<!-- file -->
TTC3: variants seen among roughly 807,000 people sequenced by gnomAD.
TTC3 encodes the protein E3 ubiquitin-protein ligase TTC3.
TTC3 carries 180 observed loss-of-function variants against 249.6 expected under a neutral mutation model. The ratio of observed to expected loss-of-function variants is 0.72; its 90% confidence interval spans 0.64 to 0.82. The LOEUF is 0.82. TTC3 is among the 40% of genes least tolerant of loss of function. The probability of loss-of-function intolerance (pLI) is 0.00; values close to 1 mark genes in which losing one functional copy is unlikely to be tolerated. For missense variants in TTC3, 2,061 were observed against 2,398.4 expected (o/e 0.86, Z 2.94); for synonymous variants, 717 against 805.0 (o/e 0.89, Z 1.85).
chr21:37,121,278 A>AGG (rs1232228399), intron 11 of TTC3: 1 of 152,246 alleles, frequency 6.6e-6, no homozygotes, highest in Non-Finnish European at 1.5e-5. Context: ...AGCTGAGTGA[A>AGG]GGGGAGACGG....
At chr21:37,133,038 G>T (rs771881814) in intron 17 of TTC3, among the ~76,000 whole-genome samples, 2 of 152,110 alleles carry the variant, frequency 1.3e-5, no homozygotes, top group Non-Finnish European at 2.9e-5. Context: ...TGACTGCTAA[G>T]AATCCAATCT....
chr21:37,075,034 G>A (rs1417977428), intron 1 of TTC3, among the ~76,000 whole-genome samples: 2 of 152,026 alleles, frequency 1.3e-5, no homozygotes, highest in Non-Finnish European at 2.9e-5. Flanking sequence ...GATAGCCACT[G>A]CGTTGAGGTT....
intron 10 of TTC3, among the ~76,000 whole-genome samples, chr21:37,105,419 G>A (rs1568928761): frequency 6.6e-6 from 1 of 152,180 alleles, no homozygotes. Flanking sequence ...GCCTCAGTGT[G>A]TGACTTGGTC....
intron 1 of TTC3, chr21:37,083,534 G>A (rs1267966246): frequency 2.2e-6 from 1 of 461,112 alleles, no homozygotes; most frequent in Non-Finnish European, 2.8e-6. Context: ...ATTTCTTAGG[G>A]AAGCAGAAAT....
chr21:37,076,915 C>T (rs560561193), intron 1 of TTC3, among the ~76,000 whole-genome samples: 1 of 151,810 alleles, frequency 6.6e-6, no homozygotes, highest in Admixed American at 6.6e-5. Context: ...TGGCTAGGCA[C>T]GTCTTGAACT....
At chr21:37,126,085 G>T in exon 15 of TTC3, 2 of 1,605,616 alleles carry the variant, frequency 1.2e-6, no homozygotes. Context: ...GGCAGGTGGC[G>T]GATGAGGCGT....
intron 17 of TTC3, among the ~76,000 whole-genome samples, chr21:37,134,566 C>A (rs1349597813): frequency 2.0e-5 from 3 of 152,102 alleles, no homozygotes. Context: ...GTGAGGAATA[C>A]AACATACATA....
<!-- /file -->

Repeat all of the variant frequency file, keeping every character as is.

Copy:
TTC3: variants seen among roughly 807,000 people sequenced by gnomAD.
TTC3 encodes the protein E3 ubiquitin-protein ligase TTC3.
TTC3 carries 180 observed loss-of-function variants against 249.6 expected under a neutral mutation model. The ratio of observed to expected loss-of-function variants is 0.72; its 90% confidence interval spans 0.64 to 0.82. The LOEUF is 0.82. TTC3 is among the 40% of genes least tolerant of loss of function. The probability of loss-of-function intolerance (pLI) is 0.00; values close to 1 mark genes in which losing one functional copy is unlikely to be tolerated. For missense variants in TTC3, 2,061 were observed against 2,398.4 expected (o/e 0.86, Z 2.94); for synonymous variants, 717 against 805.0 (o/e 0.89, Z 1.85).
chr21:37,121,278 A>AGG (rs1232228399), intron 11 of TTC3: 1 of 152,246 alleles, frequency 6.6e-6, no homozygotes, highest in Non-Finnish European at 1.5e-5. Context: ...AGCTGAGTGA[A>AGG]GGGGAGACGG....
At chr21:37,133,038 G>T (rs771881814) in intron 17 of TTC3, among the ~76,000 whole-genome samples, 2 of 152,110 alleles carry the variant, frequency 1.3e-5, no homozygotes, top group Non-Finnish European at 2.9e-5. Context: ...TGACTGCTAA[G>T]AATCCAATCT....
chr21:37,075,034 G>A (rs1417977428), intron 1 of TTC3, among the ~76,000 whole-genome samples: 2 of 152,026 alleles, frequency 1.3e-5, no homozygotes, highest in Non-Finnish European at 2.9e-5. Flanking sequence ...GATAGCCACT[G>A]CGTTGAGGTT....
intron 10 of TTC3, among the ~76,000 whole-genome samples, chr21:37,105,419 G>A (rs1568928761): frequency 6.6e-6 from 1 of 152,180 alleles, no homozygotes. Flanking sequence ...GCCTCAGTGT[G>A]TGACTTGGTC....
intron 1 of TTC3, chr21:37,083,534 G>A (rs1267966246): frequency 2.2e-6 from 1 of 461,112 alleles, no homozygotes; most frequent in Non-Finnish European, 2.8e-6. Context: ...ATTTCTTAGG[G>A]AAGCAGAAAT....
chr21:37,076,915 C>T (rs560561193), intron 1 of TTC3, among the ~76,000 whole-genome samples: 1 of 151,810 alleles, frequency 6.6e-6, no homozygotes, highest in Admixed American at 6.6e-5. Context: ...TGGCTAGGCA[C>T]GTCTTGAACT....
At chr21:37,126,085 G>T in exon 15 of TTC3, 2 of 1,605,616 alleles carry the variant, frequency 1.2e-6, no homozygotes. Context: ...GGCAGGTGGC[G>T]GATGAGGCGT....
intron 17 of TTC3, among the ~76,000 whole-genome samples, chr21:37,134,566 C>A (rs1349597813): frequency 2.0e-5 from 3 of 152,102 alleles, no homozygotes. Context: ...GTGAGGAATA[C>A]AACATACATA....